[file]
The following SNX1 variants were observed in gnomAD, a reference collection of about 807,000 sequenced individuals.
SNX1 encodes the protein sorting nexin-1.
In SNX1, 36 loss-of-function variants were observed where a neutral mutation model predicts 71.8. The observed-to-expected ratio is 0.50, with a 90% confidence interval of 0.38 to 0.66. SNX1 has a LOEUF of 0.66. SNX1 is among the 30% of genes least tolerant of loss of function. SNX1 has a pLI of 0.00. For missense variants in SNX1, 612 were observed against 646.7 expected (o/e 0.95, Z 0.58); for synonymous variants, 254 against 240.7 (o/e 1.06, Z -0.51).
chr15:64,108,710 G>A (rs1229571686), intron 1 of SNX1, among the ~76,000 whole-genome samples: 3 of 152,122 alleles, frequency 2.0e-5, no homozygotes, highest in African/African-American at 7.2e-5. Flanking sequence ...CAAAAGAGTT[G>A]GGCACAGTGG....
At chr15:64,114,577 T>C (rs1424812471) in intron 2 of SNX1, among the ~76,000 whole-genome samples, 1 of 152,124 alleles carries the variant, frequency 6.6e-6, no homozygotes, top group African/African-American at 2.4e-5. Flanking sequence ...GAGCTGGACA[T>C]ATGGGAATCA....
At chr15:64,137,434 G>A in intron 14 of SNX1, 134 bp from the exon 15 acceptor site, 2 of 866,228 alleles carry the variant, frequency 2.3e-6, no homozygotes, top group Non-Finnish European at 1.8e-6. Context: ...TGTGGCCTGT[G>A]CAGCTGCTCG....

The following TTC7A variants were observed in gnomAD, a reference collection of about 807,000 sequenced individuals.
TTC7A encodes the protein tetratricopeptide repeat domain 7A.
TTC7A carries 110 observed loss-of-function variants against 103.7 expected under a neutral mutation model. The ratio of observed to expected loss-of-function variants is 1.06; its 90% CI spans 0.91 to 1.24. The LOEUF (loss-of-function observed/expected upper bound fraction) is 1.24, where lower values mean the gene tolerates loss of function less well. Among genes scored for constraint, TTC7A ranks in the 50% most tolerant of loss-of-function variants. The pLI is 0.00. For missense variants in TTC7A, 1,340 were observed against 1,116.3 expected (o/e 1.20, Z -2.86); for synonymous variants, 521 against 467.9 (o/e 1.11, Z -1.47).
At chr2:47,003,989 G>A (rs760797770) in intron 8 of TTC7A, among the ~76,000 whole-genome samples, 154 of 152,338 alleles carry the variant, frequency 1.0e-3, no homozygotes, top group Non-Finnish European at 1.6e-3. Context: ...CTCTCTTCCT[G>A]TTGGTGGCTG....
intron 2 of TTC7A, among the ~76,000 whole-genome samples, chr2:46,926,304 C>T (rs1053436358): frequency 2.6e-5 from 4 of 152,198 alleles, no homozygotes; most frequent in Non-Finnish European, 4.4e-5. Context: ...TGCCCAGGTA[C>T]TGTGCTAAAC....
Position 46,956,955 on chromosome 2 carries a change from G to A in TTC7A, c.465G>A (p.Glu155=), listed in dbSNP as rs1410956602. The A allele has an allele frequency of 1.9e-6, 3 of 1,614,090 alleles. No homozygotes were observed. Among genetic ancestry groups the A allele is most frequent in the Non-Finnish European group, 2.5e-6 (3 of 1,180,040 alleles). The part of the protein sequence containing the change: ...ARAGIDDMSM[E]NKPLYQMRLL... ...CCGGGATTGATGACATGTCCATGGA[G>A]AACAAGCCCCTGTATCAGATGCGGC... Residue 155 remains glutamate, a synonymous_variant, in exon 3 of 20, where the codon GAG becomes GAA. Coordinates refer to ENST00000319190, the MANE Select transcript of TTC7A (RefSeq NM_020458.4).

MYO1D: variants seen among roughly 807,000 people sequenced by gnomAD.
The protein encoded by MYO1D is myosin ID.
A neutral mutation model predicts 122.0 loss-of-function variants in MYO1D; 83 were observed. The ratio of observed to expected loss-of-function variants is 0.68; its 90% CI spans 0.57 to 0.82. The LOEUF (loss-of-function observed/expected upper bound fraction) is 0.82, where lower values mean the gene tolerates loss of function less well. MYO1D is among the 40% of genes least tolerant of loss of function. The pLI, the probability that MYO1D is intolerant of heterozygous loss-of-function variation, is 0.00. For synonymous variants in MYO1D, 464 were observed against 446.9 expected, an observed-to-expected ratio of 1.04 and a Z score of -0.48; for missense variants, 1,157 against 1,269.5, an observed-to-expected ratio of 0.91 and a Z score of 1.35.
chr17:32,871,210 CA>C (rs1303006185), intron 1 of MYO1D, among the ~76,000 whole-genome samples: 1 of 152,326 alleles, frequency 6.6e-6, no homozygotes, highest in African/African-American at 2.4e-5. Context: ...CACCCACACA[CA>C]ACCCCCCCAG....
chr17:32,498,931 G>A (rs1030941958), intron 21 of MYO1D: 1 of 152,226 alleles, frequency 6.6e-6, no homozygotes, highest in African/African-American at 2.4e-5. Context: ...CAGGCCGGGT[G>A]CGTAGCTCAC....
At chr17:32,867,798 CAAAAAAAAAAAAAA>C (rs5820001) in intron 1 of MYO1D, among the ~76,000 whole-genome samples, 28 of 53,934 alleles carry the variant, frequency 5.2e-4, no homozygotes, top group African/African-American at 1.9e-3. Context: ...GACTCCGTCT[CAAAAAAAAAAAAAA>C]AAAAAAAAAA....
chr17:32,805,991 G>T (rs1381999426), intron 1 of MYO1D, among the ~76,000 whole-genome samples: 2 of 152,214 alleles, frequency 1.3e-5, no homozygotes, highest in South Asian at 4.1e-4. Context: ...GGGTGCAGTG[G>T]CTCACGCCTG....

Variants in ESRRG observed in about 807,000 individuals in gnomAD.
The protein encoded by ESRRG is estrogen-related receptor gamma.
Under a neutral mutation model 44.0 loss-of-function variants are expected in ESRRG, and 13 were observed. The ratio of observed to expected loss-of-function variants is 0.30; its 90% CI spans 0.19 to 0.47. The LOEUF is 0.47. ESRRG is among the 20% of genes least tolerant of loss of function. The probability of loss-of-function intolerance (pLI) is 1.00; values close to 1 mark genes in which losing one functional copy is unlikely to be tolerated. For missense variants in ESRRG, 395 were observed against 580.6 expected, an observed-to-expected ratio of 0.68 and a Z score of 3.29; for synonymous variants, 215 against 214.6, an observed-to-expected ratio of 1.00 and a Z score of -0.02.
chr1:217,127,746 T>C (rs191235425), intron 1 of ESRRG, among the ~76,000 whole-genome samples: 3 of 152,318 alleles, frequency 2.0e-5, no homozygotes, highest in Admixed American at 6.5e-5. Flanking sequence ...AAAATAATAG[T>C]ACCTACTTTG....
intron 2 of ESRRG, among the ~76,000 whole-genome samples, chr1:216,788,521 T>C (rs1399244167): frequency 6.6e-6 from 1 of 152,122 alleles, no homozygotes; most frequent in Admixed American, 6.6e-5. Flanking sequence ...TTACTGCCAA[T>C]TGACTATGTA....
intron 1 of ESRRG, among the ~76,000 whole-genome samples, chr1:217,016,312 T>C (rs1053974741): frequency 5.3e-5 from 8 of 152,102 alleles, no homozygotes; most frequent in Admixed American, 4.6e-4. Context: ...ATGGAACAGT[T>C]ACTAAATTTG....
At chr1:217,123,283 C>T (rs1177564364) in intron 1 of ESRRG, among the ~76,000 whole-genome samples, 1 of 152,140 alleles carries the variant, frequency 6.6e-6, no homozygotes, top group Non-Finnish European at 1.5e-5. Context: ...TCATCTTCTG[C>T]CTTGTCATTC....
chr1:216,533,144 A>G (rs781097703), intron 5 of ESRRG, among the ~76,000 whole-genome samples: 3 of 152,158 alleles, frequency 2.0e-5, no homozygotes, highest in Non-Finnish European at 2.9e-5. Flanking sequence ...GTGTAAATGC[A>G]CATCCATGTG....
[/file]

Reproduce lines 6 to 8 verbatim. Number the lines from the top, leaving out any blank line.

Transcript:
At chr15:64,137,434 G>A in intron 14 of SNX1, 134 bp from the exon 15 acceptor site, 2 of 866,228 alleles carry the variant, frequency 2.3e-6, no homozygotes, top group Non-Finnish European at 1.8e-6. Context: ...TGTGGCCTGT[G>A]CAGCTGCTCG....

The following TTC7A variants were observed in gnomAD, a reference collection of about 807,000 sequenced individuals.
TTC7A encodes the protein tetratricopeptide repeat domain 7A.